Gill alleged that after Dulla’s bone was fractured (around the ankle area), the player “was screaming … and after two hours the ambulance showed up … They were all absorbed in the game while nobody took care of the player.”
Gill alleged that the “organizer of Vancouver Kabaddi Club Gian Binning” went to the hospital only at 10:30 p.m.
Gill said the doctor told them that Dulla was on a player’s visa and it would cost them $15,000 to 18,000 for an operation. [ EDITOR’S NOTE: Harjit emailed to clarify that he had said “15 to 18,000” and not “50 to 80,000.” the misunderstanding was because of the pronunciation where the “teen” part is not emphasized enough.]
The club’s management allegedly told the doctor that they would let him know the next morning. The doctor said Dulla needed immediate surgery. The management took Dulla to a hospital specialist the next day and were reportedly told that they would have to pay up before any surgery could be performed.
Gill said Dulla is from a very poor family in India and the player was afraid that they would deduct the cost of the surgery from his contract money. So the management allegedly suggested that he get his surgery performed in India.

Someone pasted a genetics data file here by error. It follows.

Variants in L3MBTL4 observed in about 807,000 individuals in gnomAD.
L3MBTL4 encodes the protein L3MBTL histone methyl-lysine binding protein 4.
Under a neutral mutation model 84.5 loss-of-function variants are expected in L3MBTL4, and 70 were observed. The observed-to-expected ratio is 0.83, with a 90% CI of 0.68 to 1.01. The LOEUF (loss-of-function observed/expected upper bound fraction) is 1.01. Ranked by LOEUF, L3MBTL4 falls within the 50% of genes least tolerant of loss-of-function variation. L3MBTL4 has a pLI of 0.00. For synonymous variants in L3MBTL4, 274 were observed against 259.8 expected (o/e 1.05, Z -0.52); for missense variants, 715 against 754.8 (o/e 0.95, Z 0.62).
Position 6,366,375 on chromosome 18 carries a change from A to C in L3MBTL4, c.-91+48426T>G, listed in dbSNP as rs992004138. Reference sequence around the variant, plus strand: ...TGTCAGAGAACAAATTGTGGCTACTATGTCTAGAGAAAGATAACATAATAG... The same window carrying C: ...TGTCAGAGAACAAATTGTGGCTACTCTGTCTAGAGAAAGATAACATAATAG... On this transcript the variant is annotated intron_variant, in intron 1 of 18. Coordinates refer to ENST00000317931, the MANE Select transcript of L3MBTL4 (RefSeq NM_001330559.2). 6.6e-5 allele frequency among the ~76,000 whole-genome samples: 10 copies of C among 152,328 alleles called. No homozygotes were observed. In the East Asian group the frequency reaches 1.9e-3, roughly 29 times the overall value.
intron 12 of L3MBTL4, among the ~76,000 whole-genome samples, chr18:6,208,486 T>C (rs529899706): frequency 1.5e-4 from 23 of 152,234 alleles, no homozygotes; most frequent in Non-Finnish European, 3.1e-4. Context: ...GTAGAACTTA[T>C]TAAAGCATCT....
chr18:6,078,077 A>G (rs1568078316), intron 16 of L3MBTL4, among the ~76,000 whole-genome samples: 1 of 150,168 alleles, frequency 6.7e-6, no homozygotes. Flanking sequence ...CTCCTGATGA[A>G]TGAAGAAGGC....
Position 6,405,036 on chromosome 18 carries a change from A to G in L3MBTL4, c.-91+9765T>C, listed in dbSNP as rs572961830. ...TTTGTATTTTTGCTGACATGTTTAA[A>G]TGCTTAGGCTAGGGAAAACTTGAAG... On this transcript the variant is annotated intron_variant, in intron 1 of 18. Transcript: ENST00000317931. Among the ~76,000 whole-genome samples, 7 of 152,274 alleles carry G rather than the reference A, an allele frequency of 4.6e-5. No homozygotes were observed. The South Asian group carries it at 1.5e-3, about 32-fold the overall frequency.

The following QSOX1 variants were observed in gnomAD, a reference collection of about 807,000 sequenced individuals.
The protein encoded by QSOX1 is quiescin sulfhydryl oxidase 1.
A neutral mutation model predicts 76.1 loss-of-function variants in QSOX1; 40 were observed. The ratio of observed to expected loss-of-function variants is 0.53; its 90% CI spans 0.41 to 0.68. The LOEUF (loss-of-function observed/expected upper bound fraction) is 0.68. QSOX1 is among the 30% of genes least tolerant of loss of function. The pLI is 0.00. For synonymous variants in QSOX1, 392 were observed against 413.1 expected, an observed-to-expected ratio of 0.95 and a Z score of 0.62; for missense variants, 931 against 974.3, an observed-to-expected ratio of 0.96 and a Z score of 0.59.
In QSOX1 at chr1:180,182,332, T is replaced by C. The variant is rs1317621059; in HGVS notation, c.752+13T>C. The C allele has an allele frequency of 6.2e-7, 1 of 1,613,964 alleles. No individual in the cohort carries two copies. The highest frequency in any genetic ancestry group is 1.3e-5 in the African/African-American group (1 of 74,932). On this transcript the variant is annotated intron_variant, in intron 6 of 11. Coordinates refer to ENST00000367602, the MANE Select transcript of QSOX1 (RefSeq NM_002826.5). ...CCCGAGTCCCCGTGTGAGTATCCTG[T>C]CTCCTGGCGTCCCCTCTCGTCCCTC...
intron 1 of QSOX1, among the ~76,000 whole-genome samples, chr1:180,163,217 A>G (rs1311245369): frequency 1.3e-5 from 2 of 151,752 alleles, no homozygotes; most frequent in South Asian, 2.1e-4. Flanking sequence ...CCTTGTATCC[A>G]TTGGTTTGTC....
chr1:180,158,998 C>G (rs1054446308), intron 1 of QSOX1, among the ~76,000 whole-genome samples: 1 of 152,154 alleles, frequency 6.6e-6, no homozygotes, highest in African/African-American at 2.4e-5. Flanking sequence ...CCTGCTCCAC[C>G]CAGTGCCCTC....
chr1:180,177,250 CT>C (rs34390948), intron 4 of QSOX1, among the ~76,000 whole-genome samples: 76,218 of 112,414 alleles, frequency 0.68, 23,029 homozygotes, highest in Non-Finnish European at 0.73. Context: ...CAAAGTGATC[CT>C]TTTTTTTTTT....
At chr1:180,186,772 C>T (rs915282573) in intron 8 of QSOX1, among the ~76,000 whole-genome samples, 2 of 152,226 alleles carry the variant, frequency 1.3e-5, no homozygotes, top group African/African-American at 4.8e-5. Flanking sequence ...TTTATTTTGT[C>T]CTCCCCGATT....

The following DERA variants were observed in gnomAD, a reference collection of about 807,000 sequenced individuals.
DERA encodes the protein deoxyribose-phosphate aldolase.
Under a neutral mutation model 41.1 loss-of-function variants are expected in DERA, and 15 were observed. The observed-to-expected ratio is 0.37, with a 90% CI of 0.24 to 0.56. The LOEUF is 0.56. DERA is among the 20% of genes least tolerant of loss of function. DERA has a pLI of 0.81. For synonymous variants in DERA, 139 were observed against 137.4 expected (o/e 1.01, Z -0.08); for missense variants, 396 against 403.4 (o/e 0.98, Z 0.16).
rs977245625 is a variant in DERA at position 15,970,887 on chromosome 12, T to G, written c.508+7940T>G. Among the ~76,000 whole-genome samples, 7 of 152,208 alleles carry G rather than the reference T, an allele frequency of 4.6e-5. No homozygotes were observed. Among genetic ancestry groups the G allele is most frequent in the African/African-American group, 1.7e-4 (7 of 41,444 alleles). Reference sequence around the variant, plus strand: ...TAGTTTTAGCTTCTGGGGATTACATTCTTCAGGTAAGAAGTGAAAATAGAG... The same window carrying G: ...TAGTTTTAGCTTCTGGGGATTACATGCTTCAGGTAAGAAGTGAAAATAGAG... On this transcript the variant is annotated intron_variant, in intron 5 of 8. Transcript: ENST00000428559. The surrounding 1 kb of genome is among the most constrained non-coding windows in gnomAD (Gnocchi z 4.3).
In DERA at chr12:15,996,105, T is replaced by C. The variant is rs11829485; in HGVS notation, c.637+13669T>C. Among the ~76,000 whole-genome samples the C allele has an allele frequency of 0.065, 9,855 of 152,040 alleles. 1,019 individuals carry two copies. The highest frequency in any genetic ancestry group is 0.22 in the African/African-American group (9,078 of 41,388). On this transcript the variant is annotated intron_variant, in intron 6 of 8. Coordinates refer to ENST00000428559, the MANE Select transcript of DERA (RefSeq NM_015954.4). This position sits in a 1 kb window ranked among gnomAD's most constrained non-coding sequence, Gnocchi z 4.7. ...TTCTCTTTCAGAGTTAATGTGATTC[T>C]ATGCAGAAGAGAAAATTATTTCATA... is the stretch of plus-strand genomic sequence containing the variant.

Gill said last week on Monday he gave the news about the player on his radio program and commented that “it is very unfortunate what we did to a superstar player. … I didn’t mention any names; I only said the Vancouver Kabaddi Club must do the surgery and all the people are so angry.”
He said that the club sent Dulla back to India and arranged two more seats for him so he could go back laying down.
Gill said Dulla had surgery done last week on Friday morning.
Gill told The VOICE that he spoke to Dulla’s grandfather this week and he told him that the doctor said Dulla could have died because of blood-clotting. The doctor said that he could give no guarantee that Dulla would be able to play kabaddi again.
Gill said the grandfather said that he had heard Canadians were so compassionate that they could not even bear to see an animal dying on the road and his kid was screaming in pain for two days and nobody seemed to care.